So has Miller’s own firm, SCM Direct, had to put up its prices? “It looks as though our prices have gone up because we did not have the transaction costs of the ETFs that we hold and now we have that. So it looks like our prices have gone up by about 1.2 to 2 basis points for ETFs, depending on which one it is. And it will be more for other funds. But we are finding where there is a second layer of charge in a fund of funds, we can’t find that out,” she says.
Miller also questions provider compliance with the requirement in Mifid to notify some clients of a 10 per cent drop in their portfolios has been implemented yet.
“That could have happened last month, and I wonder if anyone is actually in place yet where they have got the systems automated and ready to go,” she adds.
Miller thinks while the investment management industry will be markedly more transparent, and more efficient, going forward, the move from a pre- to a post-Mifid II world presents a potential headache for regulators and heightens the chances of a retrospective class action against asset managers.
“Look at bundled research costs – you had the inflated charges where the asset managers got a kick-back. But also, if you are paying an AMC, isn’t a fundamental part of what you are paying them for research? I have never understood why you end up paying twice,” she says.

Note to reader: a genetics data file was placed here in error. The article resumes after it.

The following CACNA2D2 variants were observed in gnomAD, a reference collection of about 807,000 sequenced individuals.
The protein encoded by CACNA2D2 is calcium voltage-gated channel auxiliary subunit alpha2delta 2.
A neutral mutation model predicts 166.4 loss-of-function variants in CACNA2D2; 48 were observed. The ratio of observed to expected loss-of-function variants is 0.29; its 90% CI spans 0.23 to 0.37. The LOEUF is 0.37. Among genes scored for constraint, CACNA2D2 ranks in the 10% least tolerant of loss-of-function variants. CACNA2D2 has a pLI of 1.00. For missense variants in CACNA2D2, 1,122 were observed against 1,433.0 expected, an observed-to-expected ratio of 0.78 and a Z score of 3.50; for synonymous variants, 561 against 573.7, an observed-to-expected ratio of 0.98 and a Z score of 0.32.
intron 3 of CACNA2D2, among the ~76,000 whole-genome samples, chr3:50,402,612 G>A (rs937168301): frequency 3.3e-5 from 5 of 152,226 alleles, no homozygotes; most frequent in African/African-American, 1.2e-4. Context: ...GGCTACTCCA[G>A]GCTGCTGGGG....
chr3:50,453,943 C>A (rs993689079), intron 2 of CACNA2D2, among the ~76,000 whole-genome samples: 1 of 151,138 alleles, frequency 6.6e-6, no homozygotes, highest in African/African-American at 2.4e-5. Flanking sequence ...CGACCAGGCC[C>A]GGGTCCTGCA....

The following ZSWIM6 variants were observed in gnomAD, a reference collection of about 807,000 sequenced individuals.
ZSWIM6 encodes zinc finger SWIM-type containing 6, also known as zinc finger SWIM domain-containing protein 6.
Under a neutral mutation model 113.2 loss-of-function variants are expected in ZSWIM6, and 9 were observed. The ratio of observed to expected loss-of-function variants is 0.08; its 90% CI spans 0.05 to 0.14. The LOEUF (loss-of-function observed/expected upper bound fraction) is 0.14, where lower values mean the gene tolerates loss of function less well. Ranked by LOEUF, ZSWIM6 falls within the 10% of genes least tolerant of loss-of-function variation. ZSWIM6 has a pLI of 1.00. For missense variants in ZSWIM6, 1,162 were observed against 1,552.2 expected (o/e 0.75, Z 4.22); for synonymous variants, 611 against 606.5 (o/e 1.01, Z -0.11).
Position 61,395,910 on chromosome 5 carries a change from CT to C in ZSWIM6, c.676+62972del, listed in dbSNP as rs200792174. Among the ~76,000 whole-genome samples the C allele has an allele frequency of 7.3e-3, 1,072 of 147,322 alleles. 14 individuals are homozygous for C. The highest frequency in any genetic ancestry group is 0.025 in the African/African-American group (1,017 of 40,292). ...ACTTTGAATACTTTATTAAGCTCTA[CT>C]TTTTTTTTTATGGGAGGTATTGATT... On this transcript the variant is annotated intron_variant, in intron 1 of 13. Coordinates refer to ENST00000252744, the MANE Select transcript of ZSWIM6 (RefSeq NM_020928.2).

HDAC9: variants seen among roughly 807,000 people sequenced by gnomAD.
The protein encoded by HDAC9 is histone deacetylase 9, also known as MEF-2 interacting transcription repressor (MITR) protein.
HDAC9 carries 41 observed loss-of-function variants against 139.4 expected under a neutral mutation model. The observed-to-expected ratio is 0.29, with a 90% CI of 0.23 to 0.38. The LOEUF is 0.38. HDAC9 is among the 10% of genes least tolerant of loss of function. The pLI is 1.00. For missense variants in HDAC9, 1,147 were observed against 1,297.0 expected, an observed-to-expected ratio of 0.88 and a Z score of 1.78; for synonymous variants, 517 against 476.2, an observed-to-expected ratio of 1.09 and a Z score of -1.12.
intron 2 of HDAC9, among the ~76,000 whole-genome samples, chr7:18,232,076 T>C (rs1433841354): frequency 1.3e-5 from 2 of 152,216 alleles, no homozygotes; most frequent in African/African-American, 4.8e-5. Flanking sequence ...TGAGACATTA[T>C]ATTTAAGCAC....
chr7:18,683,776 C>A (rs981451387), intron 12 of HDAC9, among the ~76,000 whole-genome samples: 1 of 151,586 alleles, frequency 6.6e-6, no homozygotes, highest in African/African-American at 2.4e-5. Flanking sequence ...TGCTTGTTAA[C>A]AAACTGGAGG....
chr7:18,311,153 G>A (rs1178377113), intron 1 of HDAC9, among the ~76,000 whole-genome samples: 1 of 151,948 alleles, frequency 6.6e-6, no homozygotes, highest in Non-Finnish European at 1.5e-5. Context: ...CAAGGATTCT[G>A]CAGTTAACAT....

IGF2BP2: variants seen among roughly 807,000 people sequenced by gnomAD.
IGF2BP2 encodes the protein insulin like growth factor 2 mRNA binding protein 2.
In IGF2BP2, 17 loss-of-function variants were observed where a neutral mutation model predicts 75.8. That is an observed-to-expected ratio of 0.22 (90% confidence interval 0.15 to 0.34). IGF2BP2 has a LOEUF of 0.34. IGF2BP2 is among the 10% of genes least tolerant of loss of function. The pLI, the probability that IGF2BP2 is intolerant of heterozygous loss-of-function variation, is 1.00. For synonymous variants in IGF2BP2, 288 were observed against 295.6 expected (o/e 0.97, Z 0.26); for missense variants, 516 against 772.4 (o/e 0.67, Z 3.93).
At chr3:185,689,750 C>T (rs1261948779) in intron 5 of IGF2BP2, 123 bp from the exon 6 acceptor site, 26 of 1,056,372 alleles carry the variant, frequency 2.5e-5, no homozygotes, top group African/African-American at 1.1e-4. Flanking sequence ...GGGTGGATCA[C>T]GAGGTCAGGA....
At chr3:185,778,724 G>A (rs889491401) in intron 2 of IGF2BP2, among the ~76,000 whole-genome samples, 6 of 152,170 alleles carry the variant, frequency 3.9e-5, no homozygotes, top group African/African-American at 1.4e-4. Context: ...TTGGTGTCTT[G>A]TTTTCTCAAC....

She adds that the fact that people are now seeing a higher price for something that was exactly the same as they were getting before January 3rd presents a potential for actions to be brought.
“I wonder if the FCA is worried about misrepresentation and fraud. Because the product itself hasn’t changed, but the price you are paying for it has. But then if you look at the last 10 or 11 people who have gone through the revolving door at the Treasury at a senior level, they have gone back into the industry. So they are not strong enough. And I don’t think going forward they are going to be strong enough in policing Mifid and Priips,” she says.
For Miller the Government’s commitment to the implementation of transparency measures is inextricably linked to Brexit.